When you are spending days outside by a pool or a lake, you can do many things to keep your dog cool while you enjoy the summer sun. You can freeze containers of water so that they will stay cooler for longer. Be sure to keep their water in the shade. You can also provide a small kiddie pool or a sprinkler for your dog to play in. These allow fun places for your dog to cool off and maybe even get some exercise. Similarly, you could put a pet-friendly dig area for your dog in your yard. These can include a sandbox area that your dogs are able to dig in. Dogs often dig a hole to sit in and keep cool. To make an even cooler area, you can spray sand with your cold water. Be sure to make sure that it is located in the shade and not in the sun.
Sometimes, a little extra help is needed to cool your dog. Dog cooling mats and cooling vests are great products. Many work by soaking them in cool water for a long time. If you don’t have access to these, you can soak a towel in cool water and let your dog lie on it. You can also spray your dog’s belly and paws to cool them down. Dogs will cool down more quickly through their belly and paws than water sprayed on their back. Another great DIY to keep your dog cool is to put a pan of ice water in front of the fan to make it more effective for your pup to stay cool.
There are many similar DIYs to keep your pet cool in the summer. Dog-Safe ice cream exists, and you can make it at home. Here is a big list of easy to make ice creams that won’t cost an arm and a leg unlike the gourmet pet store ice-creams. You can also make some frozen treats to put in your dog’s favorite toy. Kong toys come in all shapes and sizes because all dogs love them. They are tough rubber chew toys that are meant to be filled with yummy sticky treats like peanut butter to keep your dog occupied for a while. There are pet-friendly recipes available that are meant to be frozen to keep your dog refreshed while they lick the center. Similar to the Kong treats, you can freeze your dog’s favorite treats in a popsicle mold and fill it with water. It will give your dog a fun treat to keep them cold.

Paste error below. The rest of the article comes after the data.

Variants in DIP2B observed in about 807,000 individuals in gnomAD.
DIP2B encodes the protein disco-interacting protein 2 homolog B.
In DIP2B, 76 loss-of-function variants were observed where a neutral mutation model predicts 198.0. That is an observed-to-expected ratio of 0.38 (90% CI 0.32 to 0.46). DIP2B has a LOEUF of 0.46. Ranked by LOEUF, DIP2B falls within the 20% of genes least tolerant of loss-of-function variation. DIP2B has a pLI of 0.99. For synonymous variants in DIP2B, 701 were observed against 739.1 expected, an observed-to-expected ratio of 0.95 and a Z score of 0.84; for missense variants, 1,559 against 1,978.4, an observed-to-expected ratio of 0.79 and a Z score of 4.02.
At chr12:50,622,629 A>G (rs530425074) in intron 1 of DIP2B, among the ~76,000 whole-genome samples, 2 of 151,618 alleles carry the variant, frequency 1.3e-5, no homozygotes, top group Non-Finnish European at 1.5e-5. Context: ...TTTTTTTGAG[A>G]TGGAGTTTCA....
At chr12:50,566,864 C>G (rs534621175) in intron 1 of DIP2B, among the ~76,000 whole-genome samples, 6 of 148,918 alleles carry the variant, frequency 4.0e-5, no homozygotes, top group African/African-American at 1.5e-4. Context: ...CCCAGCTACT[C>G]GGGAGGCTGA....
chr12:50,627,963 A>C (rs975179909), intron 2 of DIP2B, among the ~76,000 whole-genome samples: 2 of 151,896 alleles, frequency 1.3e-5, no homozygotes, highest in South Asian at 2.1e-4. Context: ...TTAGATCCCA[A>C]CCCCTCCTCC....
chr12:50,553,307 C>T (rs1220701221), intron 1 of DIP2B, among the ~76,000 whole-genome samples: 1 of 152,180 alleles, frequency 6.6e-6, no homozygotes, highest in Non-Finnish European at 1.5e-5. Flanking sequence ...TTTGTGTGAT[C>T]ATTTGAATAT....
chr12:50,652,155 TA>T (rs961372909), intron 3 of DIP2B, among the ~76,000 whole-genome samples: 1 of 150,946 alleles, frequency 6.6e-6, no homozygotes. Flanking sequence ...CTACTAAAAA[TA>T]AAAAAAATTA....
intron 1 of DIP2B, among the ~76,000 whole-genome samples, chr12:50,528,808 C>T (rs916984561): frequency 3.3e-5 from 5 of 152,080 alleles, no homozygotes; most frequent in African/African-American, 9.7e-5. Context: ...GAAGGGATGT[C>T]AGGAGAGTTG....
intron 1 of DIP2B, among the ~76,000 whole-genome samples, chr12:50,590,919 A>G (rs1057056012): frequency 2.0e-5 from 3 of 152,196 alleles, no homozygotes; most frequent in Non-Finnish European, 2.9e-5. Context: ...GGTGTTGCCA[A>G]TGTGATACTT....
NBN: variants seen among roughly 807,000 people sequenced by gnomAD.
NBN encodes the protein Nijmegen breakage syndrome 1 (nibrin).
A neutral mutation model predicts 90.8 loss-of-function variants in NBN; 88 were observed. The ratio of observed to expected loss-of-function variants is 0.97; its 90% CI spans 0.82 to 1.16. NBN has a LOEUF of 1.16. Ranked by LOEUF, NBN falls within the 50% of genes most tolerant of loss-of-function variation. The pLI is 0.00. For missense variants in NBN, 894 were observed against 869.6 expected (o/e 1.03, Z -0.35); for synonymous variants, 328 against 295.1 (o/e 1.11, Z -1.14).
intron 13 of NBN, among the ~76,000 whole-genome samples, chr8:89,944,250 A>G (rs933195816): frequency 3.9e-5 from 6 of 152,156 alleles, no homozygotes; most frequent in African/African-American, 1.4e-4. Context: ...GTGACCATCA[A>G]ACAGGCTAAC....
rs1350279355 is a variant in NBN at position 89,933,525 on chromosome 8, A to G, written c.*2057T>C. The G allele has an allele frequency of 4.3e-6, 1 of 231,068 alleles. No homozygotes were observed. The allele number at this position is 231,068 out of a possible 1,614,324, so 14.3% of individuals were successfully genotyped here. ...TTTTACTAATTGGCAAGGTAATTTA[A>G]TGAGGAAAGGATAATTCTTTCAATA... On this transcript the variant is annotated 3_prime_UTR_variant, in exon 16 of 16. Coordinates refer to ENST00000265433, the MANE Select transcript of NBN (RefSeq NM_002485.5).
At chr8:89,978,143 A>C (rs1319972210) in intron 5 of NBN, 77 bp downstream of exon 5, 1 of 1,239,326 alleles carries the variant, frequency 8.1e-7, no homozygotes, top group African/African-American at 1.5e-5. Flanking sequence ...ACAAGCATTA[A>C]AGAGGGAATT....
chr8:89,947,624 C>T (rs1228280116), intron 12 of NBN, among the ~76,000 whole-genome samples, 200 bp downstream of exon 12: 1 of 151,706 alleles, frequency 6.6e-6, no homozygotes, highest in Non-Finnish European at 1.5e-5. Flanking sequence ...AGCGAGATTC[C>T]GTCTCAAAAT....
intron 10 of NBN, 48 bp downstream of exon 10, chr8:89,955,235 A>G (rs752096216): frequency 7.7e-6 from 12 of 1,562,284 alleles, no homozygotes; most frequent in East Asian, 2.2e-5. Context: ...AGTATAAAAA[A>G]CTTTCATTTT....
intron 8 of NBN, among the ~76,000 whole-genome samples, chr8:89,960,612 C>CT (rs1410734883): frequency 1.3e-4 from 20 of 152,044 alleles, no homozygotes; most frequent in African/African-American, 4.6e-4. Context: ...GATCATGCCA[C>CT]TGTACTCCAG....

The summer gives many fun opportunities for you and your family. You wouldn’t allow a member of your family to overheat, so don’t let your dog (a furry family member). By following the simple rules of pet care and making some fun treats that your dog will enjoy, you and your dog can have a healthy and cool summer! Make sure to contact our office if you have any questions!
Ooh, that skunk smell. We all know that odor when our beloved dog comes back in and has had the unfortunate pleasure of meeting the neighborhood “Pepe Le Pew.” No matter what, the odor is very unpleasant and tends to linger wherever your pet lies. The skunk oil from the spraying can linger for up to a year if it is not removed from your dogs’ skin and coat. So it is essential that you effectively clean and bathe your pet.
I have found that the first thing you do not want to do is to bring you pet inside. As stated before, the scent can linger for up to a year and anything that your pet has touched can harbor the odor. So leave it outside. Skunk spray is very irritating to your dogs eyes. So if you notice their eyes watering or red, then rinse them with water or gentle eyewash solutions. Any solution but Visine is fine. Once you have addressed the face, it now time to tackle the smell on his body.
There are several methods that can be used for de-skunking a dog, however most methods will need to be repeated more than once. The best formula that I have found is as follows:
- ¼ cup of baking soda
- 1-2 teaspoons of mild dishwashing detergent such as Ivory Snow
- 1 quart of 3% Hydrogen Peroxide solution
- Mix in bucket and use immediately
- Work the foaming mixture well into the coat
- Leave on for five minutes
- Rinse with warm water
- Follow with dog shampoo if desired
The quicker you can get to it, the better the results since the oil hasn’t saturated into the hair yet. It may be necessary to repeat the procedure several times.
It is important to be careful around the eyes as hydrogen peroxide can burn and irritate the eyes. The hydrogen peroxide may also bleach your pets’ coat blond so be careful with black coated dogs. Also discard the solution after use and never store it in a closed container as it will explode.